And perhaps the question that has been at front of mind for many this week was the frenzied trading generated by chat rooms inhabited by young traders who styled themselves as gung-ho mavericks going up against the Wall Street denizens that they believe take advantage of investors. The details are well-known –- first they drove up the share price of GameStop Corp., a bricks-and-mortar operation., then AMC Entertainment which has hovered near bankruptcy for several months, and then silver.
As the smoke clears, the episode suggests several brass-tacks realities according to Jay Nash, Senior Vice President at National Bank Financial in London. Nash says that the outcome was not surprising. “Despite all the noise about Reddit’s efforts being a “win for the little guy”, or United States politicians suggesting that this (episode) is proof that rules have to change, I would suggest that the capital markets are behaving exactly the way they should,” he says.
Neither GameStop nor AMC have the fundamentals to justify the valuations that they reached in the frenzy. In fact, AMC Entertainment has hovered near bankruptcy and faces an uncertain future. “There is a fundamental value of each company and to suggest that it’s worth more than ‘the sum of its parts’ just because you want it to be is never going to be a winning strategy,” Nash says.
Sadly, we cannot believe that it will not happen again. In the end the GameStop effort was nothing more than a ‘pump and dump’ strategy where those who don’t get out lose a LOT of money. “It WILL happen again because a few got very rich in the effort,” he says. Preventative measures are also suspect. “Only time will tell if the legal system is able to deal with this properly. Too many investors with limited investment knowledge have been hurt,” he says, adding that preventing this week’s level of frenzy is near impossible. “If new regulations are put it will have little impact. Purely symbolic. If the regulations go too far, they inhibit capitalism itself.”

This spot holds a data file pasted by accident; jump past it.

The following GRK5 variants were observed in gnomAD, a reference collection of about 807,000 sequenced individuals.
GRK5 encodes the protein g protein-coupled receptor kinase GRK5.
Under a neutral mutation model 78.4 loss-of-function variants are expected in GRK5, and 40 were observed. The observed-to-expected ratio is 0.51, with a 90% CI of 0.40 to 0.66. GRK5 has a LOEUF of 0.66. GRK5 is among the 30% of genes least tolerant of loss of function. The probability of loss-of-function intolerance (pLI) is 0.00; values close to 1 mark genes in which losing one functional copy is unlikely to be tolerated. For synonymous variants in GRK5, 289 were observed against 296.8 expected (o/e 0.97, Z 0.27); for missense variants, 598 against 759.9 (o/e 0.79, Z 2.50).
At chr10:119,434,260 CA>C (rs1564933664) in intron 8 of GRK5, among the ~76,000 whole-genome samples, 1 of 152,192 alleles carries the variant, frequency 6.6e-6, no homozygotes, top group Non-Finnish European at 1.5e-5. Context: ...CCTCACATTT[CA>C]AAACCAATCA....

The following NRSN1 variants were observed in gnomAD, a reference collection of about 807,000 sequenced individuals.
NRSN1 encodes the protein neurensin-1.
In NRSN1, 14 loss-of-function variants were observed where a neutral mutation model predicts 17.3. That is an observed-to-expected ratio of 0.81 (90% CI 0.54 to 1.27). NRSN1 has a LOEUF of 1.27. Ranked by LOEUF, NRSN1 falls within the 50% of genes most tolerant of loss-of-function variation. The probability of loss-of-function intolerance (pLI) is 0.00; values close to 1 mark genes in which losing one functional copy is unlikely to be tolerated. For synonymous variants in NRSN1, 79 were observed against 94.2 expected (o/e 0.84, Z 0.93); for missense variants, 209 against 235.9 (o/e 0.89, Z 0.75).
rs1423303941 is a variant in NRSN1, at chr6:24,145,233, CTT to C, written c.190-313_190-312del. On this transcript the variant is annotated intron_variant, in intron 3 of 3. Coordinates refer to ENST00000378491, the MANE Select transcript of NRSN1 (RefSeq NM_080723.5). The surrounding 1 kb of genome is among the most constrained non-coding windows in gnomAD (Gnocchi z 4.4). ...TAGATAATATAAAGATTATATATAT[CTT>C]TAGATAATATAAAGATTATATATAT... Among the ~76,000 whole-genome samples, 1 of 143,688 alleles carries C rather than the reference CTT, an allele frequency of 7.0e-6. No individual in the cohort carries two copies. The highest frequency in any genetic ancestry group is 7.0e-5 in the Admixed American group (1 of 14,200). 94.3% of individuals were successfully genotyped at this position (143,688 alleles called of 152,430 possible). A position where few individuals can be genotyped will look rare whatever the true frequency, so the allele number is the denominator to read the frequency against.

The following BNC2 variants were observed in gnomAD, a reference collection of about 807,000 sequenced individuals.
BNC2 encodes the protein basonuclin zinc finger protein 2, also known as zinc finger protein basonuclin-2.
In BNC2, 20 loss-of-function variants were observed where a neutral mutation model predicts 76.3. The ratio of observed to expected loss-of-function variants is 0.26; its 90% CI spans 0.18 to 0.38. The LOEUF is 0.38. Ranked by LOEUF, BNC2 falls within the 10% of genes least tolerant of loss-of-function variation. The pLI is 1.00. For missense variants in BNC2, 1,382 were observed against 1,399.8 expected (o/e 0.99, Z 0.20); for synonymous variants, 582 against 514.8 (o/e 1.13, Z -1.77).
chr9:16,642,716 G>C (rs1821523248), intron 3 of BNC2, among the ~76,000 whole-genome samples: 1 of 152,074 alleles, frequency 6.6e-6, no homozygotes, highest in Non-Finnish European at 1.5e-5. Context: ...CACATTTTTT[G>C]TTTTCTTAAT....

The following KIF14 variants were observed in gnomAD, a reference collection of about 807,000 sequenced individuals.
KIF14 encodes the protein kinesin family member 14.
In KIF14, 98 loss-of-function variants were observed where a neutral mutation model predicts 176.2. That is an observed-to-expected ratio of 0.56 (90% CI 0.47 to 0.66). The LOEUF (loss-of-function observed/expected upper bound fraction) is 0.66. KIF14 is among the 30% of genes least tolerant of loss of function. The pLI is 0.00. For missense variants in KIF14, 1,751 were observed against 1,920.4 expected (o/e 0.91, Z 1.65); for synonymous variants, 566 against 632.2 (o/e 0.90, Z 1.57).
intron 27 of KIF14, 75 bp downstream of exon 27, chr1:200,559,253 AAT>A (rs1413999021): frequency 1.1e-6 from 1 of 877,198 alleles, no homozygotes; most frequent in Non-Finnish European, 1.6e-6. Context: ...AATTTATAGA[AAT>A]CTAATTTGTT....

The anomaly s that Robinhood was nearly taken down by regulators as their capital requirements for such heavy trading were more than the company had available, leading to the need for billions to keep the company afloat.
As the week winds down, investors can be forgiven for quietly asking themselves “OK, so now what do it I do?”
The solution is to recognize that nothing can go on forever, according to Gavin Graham, United Kingdon-based financial analyst and media commentator. “Knowing a market or individual stock is over-valued does not tell you when the market will begin to recognize that,” he says. Investors have to tread carefully when a frenzy erupts even when potential returns look overwhelmingly appealing.
“Beware of speculative excess abounding, whether from Reddit-fuelled buying sprees in uninspiring companies such as AMC and GameStop or the Price/Earnings Ratio of the S&P500 at an all-time high for the last century and the percentage of market capitalization to GDP at the same level as during the tech bubble of 1999-2000, he warns.
A strong solution would be taking some of the profits made recently and invest them in sectors or companies that may have lower valuations but may have better dividends, providing both income and possibly some stability in these volatile times.
High-flyers and rocketing returns may be appealing but they can be dangerous.
As I have said in earlier columns, the first goal of investing is not to make money. (I get many quizzical looks when I say that.) The first goal of investing is not to lose money.
Nor is the second goal of investing to make money. The second goal is to be able to sleep at night. The third goal of investing is to make money.
Disclosure: I do not own any shares in any company mentioned in this column.